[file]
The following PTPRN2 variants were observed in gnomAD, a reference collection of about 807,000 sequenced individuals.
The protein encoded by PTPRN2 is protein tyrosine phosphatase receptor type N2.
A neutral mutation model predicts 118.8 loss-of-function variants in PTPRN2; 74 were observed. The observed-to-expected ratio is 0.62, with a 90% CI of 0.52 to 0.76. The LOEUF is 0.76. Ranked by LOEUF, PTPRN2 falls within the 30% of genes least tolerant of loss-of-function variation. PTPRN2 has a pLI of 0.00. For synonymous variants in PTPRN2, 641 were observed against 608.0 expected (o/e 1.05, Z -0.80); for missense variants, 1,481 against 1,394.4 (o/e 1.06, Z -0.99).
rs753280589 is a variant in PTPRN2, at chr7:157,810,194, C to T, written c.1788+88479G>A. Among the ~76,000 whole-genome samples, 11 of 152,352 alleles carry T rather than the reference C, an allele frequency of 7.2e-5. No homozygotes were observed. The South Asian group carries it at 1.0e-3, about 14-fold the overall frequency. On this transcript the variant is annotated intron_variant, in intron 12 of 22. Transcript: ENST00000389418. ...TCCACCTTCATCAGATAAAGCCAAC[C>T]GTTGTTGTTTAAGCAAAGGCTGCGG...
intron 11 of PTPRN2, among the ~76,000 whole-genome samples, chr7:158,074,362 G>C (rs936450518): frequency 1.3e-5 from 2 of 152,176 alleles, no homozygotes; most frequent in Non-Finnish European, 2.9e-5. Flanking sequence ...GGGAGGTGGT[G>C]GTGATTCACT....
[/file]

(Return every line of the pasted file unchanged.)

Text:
The following PTPRN2 variants were observed in gnomAD, a reference collection of about 807,000 sequenced individuals.
The protein encoded by PTPRN2 is protein tyrosine phosphatase receptor type N2.
A neutral mutation model predicts 118.8 loss-of-function variants in PTPRN2; 74 were observed. The observed-to-expected ratio is 0.62, with a 90% CI of 0.52 to 0.76. The LOEUF is 0.76. Ranked by LOEUF, PTPRN2 falls within the 30% of genes least tolerant of loss-of-function variation. PTPRN2 has a pLI of 0.00. For synonymous variants in PTPRN2, 641 were observed against 608.0 expected (o/e 1.05, Z -0.80); for missense variants, 1,481 against 1,394.4 (o/e 1.06, Z -0.99).
rs753280589 is a variant in PTPRN2, at chr7:157,810,194, C to T, written c.1788+88479G>A. Among the ~76,000 whole-genome samples, 11 of 152,352 alleles carry T rather than the reference C, an allele frequency of 7.2e-5. No homozygotes were observed. The South Asian group carries it at 1.0e-3, about 14-fold the overall frequency. On this transcript the variant is annotated intron_variant, in intron 12 of 22. Transcript: ENST00000389418. ...TCCACCTTCATCAGATAAAGCCAAC[C>T]GTTGTTGTTTAAGCAAAGGCTGCGG...
intron 11 of PTPRN2, among the ~76,000 whole-genome samples, chr7:158,074,362 G>C (rs936450518): frequency 1.3e-5 from 2 of 152,176 alleles, no homozygotes; most frequent in Non-Finnish European, 2.9e-5. Flanking sequence ...GGGAGGTGGT[G>C]GTGATTCACT....